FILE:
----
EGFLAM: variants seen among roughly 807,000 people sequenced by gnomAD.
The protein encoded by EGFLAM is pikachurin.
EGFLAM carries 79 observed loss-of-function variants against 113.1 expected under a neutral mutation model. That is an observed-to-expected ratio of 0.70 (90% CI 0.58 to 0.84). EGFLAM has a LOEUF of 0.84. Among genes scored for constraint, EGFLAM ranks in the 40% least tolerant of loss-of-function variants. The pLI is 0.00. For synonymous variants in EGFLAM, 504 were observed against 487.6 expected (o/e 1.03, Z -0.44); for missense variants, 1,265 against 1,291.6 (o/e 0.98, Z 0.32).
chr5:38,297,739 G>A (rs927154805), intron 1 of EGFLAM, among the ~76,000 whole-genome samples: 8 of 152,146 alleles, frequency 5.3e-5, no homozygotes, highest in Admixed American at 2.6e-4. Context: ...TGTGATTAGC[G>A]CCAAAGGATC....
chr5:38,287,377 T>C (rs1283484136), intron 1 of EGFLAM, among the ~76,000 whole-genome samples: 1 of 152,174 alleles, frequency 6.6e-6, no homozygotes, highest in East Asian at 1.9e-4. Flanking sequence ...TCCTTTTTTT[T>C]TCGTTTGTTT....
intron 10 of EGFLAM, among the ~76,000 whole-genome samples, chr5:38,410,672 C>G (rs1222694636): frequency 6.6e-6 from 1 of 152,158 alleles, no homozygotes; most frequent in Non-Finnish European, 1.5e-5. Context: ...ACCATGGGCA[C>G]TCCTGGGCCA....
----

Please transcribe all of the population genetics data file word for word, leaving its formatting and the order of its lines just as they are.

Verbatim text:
EGFLAM: variants seen among roughly 807,000 people sequenced by gnomAD.
The protein encoded by EGFLAM is pikachurin.
EGFLAM carries 79 observed loss-of-function variants against 113.1 expected under a neutral mutation model. That is an observed-to-expected ratio of 0.70 (90% CI 0.58 to 0.84). EGFLAM has a LOEUF of 0.84. Among genes scored for constraint, EGFLAM ranks in the 40% least tolerant of loss-of-function variants. The pLI is 0.00. For synonymous variants in EGFLAM, 504 were observed against 487.6 expected (o/e 1.03, Z -0.44); for missense variants, 1,265 against 1,291.6 (o/e 0.98, Z 0.32).
chr5:38,297,739 G>A (rs927154805), intron 1 of EGFLAM, among the ~76,000 whole-genome samples: 8 of 152,146 alleles, frequency 5.3e-5, no homozygotes, highest in Admixed American at 2.6e-4. Context: ...TGTGATTAGC[G>A]CCAAAGGATC....
chr5:38,287,377 T>C (rs1283484136), intron 1 of EGFLAM, among the ~76,000 whole-genome samples: 1 of 152,174 alleles, frequency 6.6e-6, no homozygotes, highest in East Asian at 1.9e-4. Flanking sequence ...TCCTTTTTTT[T>C]TCGTTTGTTT....
intron 10 of EGFLAM, among the ~76,000 whole-genome samples, chr5:38,410,672 C>G (rs1222694636): frequency 6.6e-6 from 1 of 152,158 alleles, no homozygotes; most frequent in Non-Finnish European, 1.5e-5. Context: ...ACCATGGGCA[C>G]TCCTGGGCCA....